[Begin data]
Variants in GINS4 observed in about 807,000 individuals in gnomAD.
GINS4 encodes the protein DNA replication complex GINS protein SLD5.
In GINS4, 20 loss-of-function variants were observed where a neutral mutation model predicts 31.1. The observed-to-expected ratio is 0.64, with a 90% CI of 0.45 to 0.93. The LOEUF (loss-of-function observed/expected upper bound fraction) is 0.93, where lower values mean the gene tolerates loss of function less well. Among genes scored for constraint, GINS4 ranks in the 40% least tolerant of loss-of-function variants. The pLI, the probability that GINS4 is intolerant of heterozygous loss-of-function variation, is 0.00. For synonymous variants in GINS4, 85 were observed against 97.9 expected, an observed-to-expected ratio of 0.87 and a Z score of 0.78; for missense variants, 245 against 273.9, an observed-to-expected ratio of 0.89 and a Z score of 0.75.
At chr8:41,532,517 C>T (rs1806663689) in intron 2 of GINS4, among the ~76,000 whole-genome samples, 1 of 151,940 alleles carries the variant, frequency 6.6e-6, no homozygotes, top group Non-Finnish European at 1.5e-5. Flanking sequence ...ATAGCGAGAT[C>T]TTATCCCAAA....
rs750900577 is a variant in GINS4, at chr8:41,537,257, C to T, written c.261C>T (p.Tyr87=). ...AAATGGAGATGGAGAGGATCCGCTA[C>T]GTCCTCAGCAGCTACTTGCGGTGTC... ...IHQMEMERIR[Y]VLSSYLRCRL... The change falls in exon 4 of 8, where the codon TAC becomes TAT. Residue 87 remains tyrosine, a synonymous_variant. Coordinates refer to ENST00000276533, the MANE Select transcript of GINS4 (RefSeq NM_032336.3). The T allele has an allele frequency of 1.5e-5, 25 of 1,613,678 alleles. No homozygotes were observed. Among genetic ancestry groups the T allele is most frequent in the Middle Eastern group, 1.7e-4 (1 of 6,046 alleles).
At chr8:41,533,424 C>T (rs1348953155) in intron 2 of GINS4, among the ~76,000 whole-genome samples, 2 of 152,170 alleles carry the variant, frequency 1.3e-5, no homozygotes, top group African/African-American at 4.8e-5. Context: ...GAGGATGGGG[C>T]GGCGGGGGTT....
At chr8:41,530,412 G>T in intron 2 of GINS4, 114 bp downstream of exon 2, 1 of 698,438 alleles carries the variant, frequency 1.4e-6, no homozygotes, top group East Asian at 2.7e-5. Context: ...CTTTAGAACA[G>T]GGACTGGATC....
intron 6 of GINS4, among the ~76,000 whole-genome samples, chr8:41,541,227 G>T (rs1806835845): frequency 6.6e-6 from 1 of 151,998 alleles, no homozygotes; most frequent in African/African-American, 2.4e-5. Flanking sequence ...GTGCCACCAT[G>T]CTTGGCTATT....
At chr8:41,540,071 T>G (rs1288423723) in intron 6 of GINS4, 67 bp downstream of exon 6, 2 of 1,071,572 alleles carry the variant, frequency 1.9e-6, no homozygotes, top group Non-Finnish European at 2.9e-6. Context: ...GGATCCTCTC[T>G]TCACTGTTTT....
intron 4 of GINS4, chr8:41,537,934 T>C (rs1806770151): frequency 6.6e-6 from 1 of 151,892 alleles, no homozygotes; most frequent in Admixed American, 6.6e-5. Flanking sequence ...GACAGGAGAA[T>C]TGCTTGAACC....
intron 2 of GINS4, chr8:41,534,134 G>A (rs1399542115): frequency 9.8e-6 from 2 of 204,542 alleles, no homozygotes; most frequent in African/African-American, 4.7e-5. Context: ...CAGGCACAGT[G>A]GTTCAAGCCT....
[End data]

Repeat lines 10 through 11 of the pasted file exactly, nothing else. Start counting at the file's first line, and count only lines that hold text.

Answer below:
intron 4 of GINS4, chr8:41,537,934 T>C (rs1806770151): frequency 6.6e-6 from 1 of 151,892 alleles, no homozygotes; most frequent in Admixed American, 6.6e-5. Flanking sequence ...GACAGGAGAA[T>C]TGCTTGAACC....
intron 2 of GINS4, chr8:41,534,134 G>A (rs1399542115): frequency 9.8e-6 from 2 of 204,542 alleles, no homozygotes; most frequent in African/African-American, 4.7e-5. Context: ...CAGGCACAGT[G>A]GTTCAAGCCT....